OSX:

Open System Preferences, select Sharing.

Configure RNDIS Gadget to share your WiFi connection.

Connect through SSH and reboot the Pi

➜ ssh pi@raspberrypi.local
➜ sudo reboot

After reboot SSH back into the Pi. It should now have internet.

➜ ping www.google.com

Windows:

Open Network Connections, right click on the connection you want to share and select Properties.

Select the Sharing tab, check Allow other network users…, from the drop-down select the connection of the Pi RNDIS Gadget.

Putty into the Pi and reboot.

➜ sudo reboot

After reboot SSH back into the Pi. It should now have internet.

➜ ping www.google.com

Configure Raspbian

Alright, we should have an SSH session going. In the terminal run the following to bring up the Raspbian Stretch configuration. These config changes will require a Pi reboot. Just start another SSH session once the Pi becomes available again.

➜ sudo raspi-config

We're going to set a few options:

  • 3 Boot Options > B1 Desktop/CLI > B1 Console

  • 7 Advanced Options > A1 Expand Filesystem

  • 4 Localisation Options > I2 Change Timezone

  • 4 Localisation Options > I3 Change WiFi Country

  • 8 Update

  • Optional but recommended

    • 1 Change User Password
    • 2 Hostname

NOTE: to conserve energy we are disabling Raspbian's UI (Pixel) and only allowing the console.

To conserve more energy we will also disable the HDMI output

➜  sudo nano /etc/rc.local

At the bottom, but before exit 0 add this line:

/usr/bin/tvservice -o

3.0 Configure Pi as an Access Point

(modified from https://learn.adafruit.com/setting-up-a-raspberry-pi-as-a-wifi-access-point)

To work as an access point, the Raspberry Pi will need to have access point software installed, along with DHCP server software to provide connecting devices with a network address.

➜ sudo apt-get install hostapd isc-dhcp-server 

Ignore any DHCP errors

IPTables will give us the tools we need ot manage multiple connections. The iptables-persistent package ensures the right settings are set during startup.

➜ sudo apt-get install iptables-persistent

Two config screens will prompt you, say Yes to both.

Configure DHCP

Next, we need to setup DHCP since the Pi will be managing local IP addresses of the nodes.

➜ sudo nano /etc/dhcp/dhcpd.conf

Comment out these two lines

#optiondomain-name "example.org";
#optiondomain-name-serversns1.example.org, ns2.example.org;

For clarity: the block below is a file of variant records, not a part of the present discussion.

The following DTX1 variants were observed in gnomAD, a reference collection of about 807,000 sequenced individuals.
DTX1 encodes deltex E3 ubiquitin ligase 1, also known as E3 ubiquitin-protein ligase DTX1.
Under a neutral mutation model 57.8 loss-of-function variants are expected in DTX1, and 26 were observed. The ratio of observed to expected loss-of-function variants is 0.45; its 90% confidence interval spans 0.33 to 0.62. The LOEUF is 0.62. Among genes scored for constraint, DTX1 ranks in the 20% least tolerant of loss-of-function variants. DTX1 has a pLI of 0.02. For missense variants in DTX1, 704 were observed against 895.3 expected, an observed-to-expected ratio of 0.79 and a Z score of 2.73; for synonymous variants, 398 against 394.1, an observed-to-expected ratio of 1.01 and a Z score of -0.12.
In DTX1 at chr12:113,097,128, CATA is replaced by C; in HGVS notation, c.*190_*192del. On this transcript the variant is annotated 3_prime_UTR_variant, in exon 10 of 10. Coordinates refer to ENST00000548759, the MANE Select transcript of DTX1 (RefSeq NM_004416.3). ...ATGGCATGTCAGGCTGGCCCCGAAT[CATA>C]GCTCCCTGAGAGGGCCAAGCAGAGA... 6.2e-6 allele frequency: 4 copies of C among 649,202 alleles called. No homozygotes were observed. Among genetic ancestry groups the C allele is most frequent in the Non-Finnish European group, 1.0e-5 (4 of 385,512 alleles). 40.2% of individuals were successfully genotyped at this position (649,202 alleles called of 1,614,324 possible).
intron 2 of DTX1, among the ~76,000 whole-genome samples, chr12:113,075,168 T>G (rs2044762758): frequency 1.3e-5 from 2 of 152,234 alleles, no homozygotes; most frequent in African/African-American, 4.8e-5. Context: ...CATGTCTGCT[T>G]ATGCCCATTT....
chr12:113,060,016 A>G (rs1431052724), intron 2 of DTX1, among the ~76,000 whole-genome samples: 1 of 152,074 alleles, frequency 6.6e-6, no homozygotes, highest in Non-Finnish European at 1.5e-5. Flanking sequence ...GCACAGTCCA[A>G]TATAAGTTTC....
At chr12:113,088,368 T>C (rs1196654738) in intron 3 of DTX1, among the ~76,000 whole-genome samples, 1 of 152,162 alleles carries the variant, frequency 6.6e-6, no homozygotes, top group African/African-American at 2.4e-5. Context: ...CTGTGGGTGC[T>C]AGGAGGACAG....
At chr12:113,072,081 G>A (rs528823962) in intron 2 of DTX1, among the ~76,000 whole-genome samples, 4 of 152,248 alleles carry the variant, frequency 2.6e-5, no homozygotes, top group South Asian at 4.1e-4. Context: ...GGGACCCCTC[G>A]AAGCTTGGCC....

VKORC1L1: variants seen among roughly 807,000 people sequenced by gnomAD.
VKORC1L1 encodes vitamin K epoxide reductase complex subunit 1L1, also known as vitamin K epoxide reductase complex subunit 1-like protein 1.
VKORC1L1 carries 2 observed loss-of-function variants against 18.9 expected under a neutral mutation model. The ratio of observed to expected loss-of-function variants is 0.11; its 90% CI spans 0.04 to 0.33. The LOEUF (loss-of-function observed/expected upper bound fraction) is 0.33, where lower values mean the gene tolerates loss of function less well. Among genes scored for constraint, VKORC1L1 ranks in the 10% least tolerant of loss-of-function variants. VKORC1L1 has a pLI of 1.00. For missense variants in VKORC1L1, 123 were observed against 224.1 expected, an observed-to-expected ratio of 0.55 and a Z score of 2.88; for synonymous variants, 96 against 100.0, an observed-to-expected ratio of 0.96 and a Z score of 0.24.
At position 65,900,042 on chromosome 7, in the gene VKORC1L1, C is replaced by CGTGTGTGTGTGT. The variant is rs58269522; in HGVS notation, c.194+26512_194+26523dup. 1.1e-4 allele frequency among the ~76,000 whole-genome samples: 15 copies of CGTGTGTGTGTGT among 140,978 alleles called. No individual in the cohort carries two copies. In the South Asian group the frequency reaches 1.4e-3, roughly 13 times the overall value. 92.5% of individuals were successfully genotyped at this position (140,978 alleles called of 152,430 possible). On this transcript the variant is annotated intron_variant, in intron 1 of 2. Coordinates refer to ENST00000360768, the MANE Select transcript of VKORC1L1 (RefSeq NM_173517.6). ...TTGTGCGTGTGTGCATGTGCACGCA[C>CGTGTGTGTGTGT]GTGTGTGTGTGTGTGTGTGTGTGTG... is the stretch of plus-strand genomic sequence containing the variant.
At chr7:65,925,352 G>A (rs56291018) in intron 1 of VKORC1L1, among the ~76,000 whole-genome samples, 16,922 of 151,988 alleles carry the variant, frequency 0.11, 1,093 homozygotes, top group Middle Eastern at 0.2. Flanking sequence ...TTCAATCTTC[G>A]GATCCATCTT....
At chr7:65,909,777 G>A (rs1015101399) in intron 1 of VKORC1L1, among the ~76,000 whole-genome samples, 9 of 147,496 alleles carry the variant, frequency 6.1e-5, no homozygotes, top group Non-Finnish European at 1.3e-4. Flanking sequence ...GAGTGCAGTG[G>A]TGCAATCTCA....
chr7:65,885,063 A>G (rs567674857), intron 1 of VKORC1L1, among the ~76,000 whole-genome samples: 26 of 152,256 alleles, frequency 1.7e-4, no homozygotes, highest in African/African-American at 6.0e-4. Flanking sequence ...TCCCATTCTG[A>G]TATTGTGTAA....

Uncomment 

authoritative

Add these lines at the bottom of the file.

subnet 192.168.42.0 netmask 255.255.255.0 {
    range 192.168.42.10192.168.42.50;
    option broadcast-address 192.168.42.255;
    option routers 192.168.42.1;
    default-lease-time 600;
    max-lease-time 7200;
    option domain-name "local";
    option domain-name-servers 8.8.8.8, 8.8.4.4;
}

Save the file by typing in Control-X then Y then return.

➜ sudo nano /etc/default/isc-dhcp-server

Change the interface(s) to wlan0:

INTERFACESv4=“wlan0” 
INTERFACESv6=“wlan0”

Save the file by typing in Control-X then Y then return.

Configure the Network Interface

Bring down the local wifi in case you have it up right now.

➜ sudo ifdown wlan0
➜ sudo nano /etc/network/interfaces

Make sure your file looks like this:

auto lo

iface lo inet loopback
iface eth0 inet dhcp

allow-hotplug usb0
iface usb0 inet dhcp

allow-hotplug wlan0
iface wlan0 inet static
  address 192.168.42.1
  netmask 255.255.255.0

Save the file by typing in Control-X then Y then return.

Set the static IP for wifi right now:

➜ sudo ifconfig wlan0 192.168.42.1

Configure the Access Point

➜ sudo nano /etc/hostapd/hostapd.conf

These are the settings for the WiFi we’ll be broadcasting frome the Pi. Make sure the file looks exactly this (you can modify the ssid and passphrase):

interface=wlan0
ssid=friendly-raspberry
country_code=US
hw_mode=g
channel=6
macaddr_acl=0
auth_algs=1
ignore_broadcast_ssid=0
wpa=2
wpa_passphrase=hologram  
wpa_key_mgmt=WPA-PSK
wpa_pairwise=CCMP
wpa_group_rekey=86400
ieee80211n=1
wme_enabled=1

Save the file by typing in Control-X then Y then return.

Now point the startup Daemon to use this configuration file.

➜ sudo nano /etc/default/hostapd

Add the file location AND make sure to remove the '#' at the beginning of this line:

DAEMON_CONF="/etc/hostapd/hostapd.conf"